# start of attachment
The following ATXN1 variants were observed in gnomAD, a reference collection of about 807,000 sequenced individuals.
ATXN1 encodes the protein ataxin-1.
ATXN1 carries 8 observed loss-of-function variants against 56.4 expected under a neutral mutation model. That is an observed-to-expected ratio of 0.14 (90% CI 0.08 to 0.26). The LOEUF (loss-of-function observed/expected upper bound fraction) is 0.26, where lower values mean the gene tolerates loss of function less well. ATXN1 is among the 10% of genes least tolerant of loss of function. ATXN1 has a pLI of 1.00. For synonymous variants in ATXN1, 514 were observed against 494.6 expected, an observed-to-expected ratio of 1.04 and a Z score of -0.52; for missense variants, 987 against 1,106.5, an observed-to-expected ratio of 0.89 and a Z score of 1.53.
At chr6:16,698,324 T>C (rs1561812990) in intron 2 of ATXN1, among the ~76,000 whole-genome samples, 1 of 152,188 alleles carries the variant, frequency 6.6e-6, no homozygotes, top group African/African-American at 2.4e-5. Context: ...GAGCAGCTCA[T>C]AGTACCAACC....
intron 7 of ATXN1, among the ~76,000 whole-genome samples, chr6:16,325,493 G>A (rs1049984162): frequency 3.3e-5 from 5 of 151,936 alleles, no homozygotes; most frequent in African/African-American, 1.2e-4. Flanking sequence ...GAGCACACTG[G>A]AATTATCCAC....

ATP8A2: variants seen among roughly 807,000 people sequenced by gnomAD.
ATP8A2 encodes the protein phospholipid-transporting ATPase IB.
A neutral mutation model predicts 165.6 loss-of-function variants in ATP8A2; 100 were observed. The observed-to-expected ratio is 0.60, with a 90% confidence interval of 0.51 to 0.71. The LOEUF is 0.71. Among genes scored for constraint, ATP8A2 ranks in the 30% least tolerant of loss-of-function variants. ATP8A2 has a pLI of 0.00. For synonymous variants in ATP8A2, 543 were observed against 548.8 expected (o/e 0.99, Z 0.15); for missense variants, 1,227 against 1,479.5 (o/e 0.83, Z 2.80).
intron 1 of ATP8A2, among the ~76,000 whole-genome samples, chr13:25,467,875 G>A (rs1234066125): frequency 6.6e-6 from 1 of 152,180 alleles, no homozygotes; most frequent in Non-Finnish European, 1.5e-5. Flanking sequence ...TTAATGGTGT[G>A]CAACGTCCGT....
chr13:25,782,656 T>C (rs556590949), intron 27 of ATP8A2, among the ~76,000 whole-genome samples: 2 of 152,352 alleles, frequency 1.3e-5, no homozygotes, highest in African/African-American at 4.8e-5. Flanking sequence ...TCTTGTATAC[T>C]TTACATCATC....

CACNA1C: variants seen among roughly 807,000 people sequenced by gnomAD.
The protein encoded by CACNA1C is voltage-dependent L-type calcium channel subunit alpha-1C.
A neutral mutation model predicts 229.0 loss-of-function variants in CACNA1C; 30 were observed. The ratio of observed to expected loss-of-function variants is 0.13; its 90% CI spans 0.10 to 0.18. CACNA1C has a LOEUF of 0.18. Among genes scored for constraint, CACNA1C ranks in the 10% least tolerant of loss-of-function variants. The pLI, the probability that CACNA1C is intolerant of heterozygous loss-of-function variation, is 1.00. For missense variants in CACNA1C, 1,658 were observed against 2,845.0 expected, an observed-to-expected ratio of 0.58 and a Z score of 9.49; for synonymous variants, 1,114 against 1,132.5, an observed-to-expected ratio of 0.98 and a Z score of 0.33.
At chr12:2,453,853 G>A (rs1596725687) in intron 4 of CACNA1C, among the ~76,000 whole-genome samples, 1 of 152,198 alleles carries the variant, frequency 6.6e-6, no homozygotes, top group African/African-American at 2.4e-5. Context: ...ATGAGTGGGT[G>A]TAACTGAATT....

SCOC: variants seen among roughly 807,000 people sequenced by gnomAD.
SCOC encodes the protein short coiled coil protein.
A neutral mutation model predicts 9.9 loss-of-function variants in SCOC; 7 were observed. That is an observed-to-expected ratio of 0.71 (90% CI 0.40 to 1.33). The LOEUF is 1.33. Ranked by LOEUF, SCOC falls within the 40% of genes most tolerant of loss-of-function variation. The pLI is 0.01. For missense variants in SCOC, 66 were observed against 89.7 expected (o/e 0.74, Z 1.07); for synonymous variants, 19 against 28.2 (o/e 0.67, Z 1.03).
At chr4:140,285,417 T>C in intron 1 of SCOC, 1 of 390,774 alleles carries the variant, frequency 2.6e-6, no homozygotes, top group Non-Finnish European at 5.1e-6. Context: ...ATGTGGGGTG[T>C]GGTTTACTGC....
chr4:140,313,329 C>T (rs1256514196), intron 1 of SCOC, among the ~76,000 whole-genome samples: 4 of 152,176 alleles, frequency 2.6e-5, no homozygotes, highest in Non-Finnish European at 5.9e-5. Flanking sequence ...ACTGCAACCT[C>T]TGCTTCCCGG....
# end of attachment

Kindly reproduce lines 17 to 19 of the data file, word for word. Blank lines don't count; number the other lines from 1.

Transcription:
A neutral mutation model predicts 9.9 loss-of-function variants in SCOC; 7 were observed. That is an observed-to-expected ratio of 0.71 (90% CI 0.40 to 1.33). The LOEUF is 1.33. Ranked by LOEUF, SCOC falls within the 40% of genes most tolerant of loss-of-function variation. The pLI is 0.01. For missense variants in SCOC, 66 were observed against 89.7 expected (o/e 0.74, Z 1.07); for synonymous variants, 19 against 28.2 (o/e 0.67, Z 1.03).
At chr4:140,285,417 T>C in intron 1 of SCOC, 1 of 390,774 alleles carries the variant, frequency 2.6e-6, no homozygotes, top group Non-Finnish European at 5.1e-6. Context: ...ATGTGGGGTG[T>C]GGTTTACTGC....
chr4:140,313,329 C>T (rs1256514196), intron 1 of SCOC, among the ~76,000 whole-genome samples: 4 of 152,176 alleles, frequency 2.6e-5, no homozygotes, highest in Non-Finnish European at 5.9e-5. Flanking sequence ...ACTGCAACCT[C>T]TGCTTCCCGG....